By Jonathan Barrett and Swati Pandey
SYDNEY (Reuters) – In Australia, it’s known as the “nuclear option”. An employer applies to the court to rip up an expiring wages deal, puts workers back on their industry’s minimum pay, and then negotiates a new contract.
The once-rare negotiating tactic is becoming more widespread, used by companies including BP (L:), Alcoa (N:) and Unilever (L:), to change work schedules and conditions, and in some cases, cut pay rates.
A Reuters analysis of court disclosures shows there were almost 400 applications in 2017/18 to terminate expired enterprise bargaining agreements – contracts governing wages and conditions. That’s nearly four times the number of applications from four years earlier.
Growth in the tactic coincides with a sustained period of record low wages growth in Australia, which is weighing on consumer spending and has become a battleground for the conservative government six months out from a general election.
Low wage growth is a global phenomenon, but Australia is an extreme example even as its A$1.8 trillion economy is in its 27th successive year of expansion.
After adjusting for inflation, Australia’s 0.4 percent annual average wage rise is far behind the United States’ 1.2 percent, South Korea’s 1.9 percent and Germany’s 0.9 percent, according to data from Statista.
One reason is the collapse in recent years of the once-in-a-century mining boom, which spelled an end to many six-digit pay packages and annual average wage hikes of 4 percent or more.
Pay rises have more than halved and unemployment has shot up as many high-flying mine workers who once made A$200,000 ($145,000) a year with access to resort-style housing were forced to turn to low-paid day labourer jobs.
(For a graphic ‘Australia’s wage growth stagnates even as jobless rate plunges’ click https://tmsnrt.rs/2RL1vSb)
‘NEGOTIATING WITH NOTHING’
Employer groups say some of the changes sought by companies are needed to keep workplaces flexible and competitive, and help progress talks when unions refuse to negotiate in good faith.
Jay Scoffern, an auto-electrician in Western Australia, was involved in a long-running pay dispute with Griffin Coal, run by a Lanco Infratech (NS:) subsidiary, now under the control of ICICI Bank-appointed receivers.
Scoffern said pay packets were reduced by up to A$40,000 ($29,000) a year after workers were returned to industry minimums when pay negotiations stalled at the loss-making mine.
“You’re negotiating with nothing, you end up trying to salvage what you can and end up taking what gets offered,” he said.
ICICI said in a statement it was not involved in the wages negotiations. Griffin previously said there was a discrepancy in the cost of production and the income received for its coal, making changes to the agreement necessary.
The union-affiliated opposition Labor Party, leading in opinion polls, plans to stop companies from “too easily resorting to the nuclear option” at a time of stagnating pay packets, said Brendan O’Connor, Labor’s shadow minister for employment and workplace relations.
“If elected, a … Labor government will change the law in order to redress the imbalance in bargaining power between workers, their unions, and employers,” O’Connor in a statement.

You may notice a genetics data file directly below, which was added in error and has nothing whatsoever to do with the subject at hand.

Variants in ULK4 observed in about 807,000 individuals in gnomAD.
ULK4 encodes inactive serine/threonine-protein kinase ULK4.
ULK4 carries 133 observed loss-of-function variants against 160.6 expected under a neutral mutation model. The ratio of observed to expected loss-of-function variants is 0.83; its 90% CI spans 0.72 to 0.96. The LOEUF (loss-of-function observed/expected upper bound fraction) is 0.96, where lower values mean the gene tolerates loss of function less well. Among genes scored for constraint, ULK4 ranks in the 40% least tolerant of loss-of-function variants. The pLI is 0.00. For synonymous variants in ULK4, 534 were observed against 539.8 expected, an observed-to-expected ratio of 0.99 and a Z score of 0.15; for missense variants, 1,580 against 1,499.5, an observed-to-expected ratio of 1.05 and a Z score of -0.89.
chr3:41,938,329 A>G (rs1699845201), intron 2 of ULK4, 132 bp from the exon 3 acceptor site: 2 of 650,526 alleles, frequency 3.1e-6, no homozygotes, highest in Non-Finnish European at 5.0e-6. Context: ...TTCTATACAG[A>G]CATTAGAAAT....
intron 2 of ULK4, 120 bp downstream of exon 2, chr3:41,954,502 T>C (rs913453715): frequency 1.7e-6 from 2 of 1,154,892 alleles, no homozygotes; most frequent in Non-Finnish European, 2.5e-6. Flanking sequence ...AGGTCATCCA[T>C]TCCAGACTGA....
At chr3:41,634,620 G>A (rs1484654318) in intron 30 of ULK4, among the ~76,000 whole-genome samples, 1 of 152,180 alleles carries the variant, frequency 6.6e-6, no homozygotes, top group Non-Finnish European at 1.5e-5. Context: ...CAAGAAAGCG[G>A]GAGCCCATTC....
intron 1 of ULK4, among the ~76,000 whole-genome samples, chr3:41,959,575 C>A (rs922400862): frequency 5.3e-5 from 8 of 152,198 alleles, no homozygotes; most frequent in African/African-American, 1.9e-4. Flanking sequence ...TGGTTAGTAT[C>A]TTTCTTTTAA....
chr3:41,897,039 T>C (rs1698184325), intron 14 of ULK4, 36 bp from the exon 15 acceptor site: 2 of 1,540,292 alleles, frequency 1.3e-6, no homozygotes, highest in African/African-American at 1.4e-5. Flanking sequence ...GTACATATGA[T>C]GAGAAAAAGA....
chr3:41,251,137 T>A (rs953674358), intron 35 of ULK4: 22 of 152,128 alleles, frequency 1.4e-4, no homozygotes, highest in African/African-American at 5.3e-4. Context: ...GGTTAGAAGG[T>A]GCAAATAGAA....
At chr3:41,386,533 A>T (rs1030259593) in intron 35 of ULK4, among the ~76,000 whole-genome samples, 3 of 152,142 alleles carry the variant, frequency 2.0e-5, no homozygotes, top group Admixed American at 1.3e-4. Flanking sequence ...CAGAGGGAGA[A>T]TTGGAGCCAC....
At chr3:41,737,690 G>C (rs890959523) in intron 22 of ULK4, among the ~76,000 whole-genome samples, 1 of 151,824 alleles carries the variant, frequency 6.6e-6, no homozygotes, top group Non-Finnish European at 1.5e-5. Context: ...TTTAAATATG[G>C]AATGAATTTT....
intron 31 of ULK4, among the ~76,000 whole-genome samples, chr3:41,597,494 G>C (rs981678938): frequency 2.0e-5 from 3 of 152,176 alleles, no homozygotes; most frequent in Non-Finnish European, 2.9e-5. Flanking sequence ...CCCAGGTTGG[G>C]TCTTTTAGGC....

Australia’s Minister for Jobs and Industrial Relations, Kelly O’Dwyer, said unions wanted agreements to remain in place in perpetuity and there were “significant safeguards” for workers in the process overseen by Australia’s industrial relations tribunal.
“Before an agreement can be terminated, the Fair Work Commission must be satisfied that it is not contrary to the public interest to do so, and that the termination is appropriate,” O’Dwyer said in a statement.
Business Council of Australia chief executive Jennifer Westacott said any shift to give unions more power to negotiate industry-wide rates would push workplace relations back into the “dark ages”.
“A sector-wide bargaining system would only empower the big unions at the expense of workers,” Westacott said in a statement.
(For a graphic on ‘Australia’s GDP accelerates but wages lag’ click https://tmsnrt.rs/2QlkvX2)
Australia’s largest freight operator, Aurizon Operations, adopted the approach in 2015 when it got a series of expired agreements annulled during a stalemate in negotiations.
Many resources and energy companies, including Peabody Energy (N:), and the local arms of BP and ExxonMobil (N:) followed Aurizon’s lead, in part to wind back what they said were unsustainable wages and conditions lingering from the mining boom years.
BP Australia applied last month to terminate an agreement at a refinery in Western Australia after extended negotiations.
“BP applied to terminate the expired agreement because it includes a number of terms that restrict productivity, efficiency and flexibility, and does not meet business needs,” BP said in a statement to Reuters, adding it did not want to reduce salaries.
Late last year and after prolonged negotiations, consumer products giant Unilever sought the termination of an agreement at its Australian factory, which a spokeswoman said lacked the flexibility needed to run a competitive seasonal business.
“We could not continue operating without changes as it was simply not sustainable,” she said. A new agreement was then struck.
Some agreements have also been terminated with the consent of workers at the end of projects.
But unions say the strategy is too often used to unfairly pressure workers.
“It has become too easy for unscrupulous employers to bully people with the prospect of cutting their wages by using the threat of agreement terminations to push them back to the legal minimum for their industry,” Australian Council of Trade Unions secretary Sally McManus said in a statement.